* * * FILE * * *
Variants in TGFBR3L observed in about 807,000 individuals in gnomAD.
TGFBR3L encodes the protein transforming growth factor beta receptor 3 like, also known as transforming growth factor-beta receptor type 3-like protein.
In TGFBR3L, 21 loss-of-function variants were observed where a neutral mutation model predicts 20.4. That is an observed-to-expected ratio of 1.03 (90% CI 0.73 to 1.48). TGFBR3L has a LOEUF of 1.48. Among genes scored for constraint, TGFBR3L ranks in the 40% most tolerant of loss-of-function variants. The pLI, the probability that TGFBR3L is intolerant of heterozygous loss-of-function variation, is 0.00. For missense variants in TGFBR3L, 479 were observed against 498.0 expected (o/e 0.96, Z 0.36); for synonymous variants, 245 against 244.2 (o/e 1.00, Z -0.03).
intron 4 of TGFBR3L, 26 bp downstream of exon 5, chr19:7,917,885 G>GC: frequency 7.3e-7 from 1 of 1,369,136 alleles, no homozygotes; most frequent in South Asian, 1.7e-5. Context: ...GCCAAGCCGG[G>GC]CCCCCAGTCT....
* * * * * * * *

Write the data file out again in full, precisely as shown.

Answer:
Variants in TGFBR3L observed in about 807,000 individuals in gnomAD.
TGFBR3L encodes the protein transforming growth factor beta receptor 3 like, also known as transforming growth factor-beta receptor type 3-like protein.
In TGFBR3L, 21 loss-of-function variants were observed where a neutral mutation model predicts 20.4. That is an observed-to-expected ratio of 1.03 (90% CI 0.73 to 1.48). TGFBR3L has a LOEUF of 1.48. Among genes scored for constraint, TGFBR3L ranks in the 40% most tolerant of loss-of-function variants. The pLI, the probability that TGFBR3L is intolerant of heterozygous loss-of-function variation, is 0.00. For missense variants in TGFBR3L, 479 were observed against 498.0 expected (o/e 0.96, Z 0.36); for synonymous variants, 245 against 244.2 (o/e 1.00, Z -0.03).
intron 4 of TGFBR3L, 26 bp downstream of exon 5, chr19:7,917,885 G>GC: frequency 7.3e-7 from 1 of 1,369,136 alleles, no homozygotes; most frequent in South Asian, 1.7e-5. Context: ...GCCAAGCCGG[G>GC]CCCCCAGTCT....